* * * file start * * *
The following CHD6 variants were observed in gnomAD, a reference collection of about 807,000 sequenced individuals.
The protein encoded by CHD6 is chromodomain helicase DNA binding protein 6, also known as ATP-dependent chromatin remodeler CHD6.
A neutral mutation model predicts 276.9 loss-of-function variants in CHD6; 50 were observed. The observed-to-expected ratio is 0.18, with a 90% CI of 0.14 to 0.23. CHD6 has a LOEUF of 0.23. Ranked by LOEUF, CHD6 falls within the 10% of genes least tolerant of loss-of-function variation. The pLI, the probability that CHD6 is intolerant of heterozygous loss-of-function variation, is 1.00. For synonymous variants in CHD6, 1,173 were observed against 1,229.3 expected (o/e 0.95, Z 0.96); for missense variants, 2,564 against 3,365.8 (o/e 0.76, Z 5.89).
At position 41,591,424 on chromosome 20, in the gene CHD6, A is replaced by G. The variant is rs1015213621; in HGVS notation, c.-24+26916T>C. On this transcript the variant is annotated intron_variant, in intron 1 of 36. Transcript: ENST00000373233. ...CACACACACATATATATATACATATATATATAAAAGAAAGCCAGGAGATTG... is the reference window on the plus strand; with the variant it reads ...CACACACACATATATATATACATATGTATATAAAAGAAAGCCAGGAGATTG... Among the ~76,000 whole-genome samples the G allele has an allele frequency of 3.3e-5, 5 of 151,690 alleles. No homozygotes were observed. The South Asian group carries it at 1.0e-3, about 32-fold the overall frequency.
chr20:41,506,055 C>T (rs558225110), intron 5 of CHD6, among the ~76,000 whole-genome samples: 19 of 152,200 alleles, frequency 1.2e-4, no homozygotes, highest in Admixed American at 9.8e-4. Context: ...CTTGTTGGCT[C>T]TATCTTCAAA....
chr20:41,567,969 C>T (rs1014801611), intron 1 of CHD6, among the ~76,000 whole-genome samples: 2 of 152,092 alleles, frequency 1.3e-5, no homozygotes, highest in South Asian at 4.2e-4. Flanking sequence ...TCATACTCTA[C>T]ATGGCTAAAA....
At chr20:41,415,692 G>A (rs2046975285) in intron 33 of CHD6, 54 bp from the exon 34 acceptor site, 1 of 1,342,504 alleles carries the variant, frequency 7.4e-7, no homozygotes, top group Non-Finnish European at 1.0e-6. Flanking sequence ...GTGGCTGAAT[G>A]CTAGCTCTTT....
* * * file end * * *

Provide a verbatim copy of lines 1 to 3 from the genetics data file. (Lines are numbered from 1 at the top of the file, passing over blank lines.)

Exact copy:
The following CHD6 variants were observed in gnomAD, a reference collection of about 807,000 sequenced individuals.
The protein encoded by CHD6 is chromodomain helicase DNA binding protein 6, also known as ATP-dependent chromatin remodeler CHD6.
A neutral mutation model predicts 276.9 loss-of-function variants in CHD6; 50 were observed. The observed-to-expected ratio is 0.18, with a 90% CI of 0.14 to 0.23. CHD6 has a LOEUF of 0.23. Ranked by LOEUF, CHD6 falls within the 10% of genes least tolerant of loss-of-function variation. The pLI, the probability that CHD6 is intolerant of heterozygous loss-of-function variation, is 1.00. For synonymous variants in CHD6, 1,173 were observed against 1,229.3 expected (o/e 0.95, Z 0.96); for missense variants, 2,564 against 3,365.8 (o/e 0.76, Z 5.89).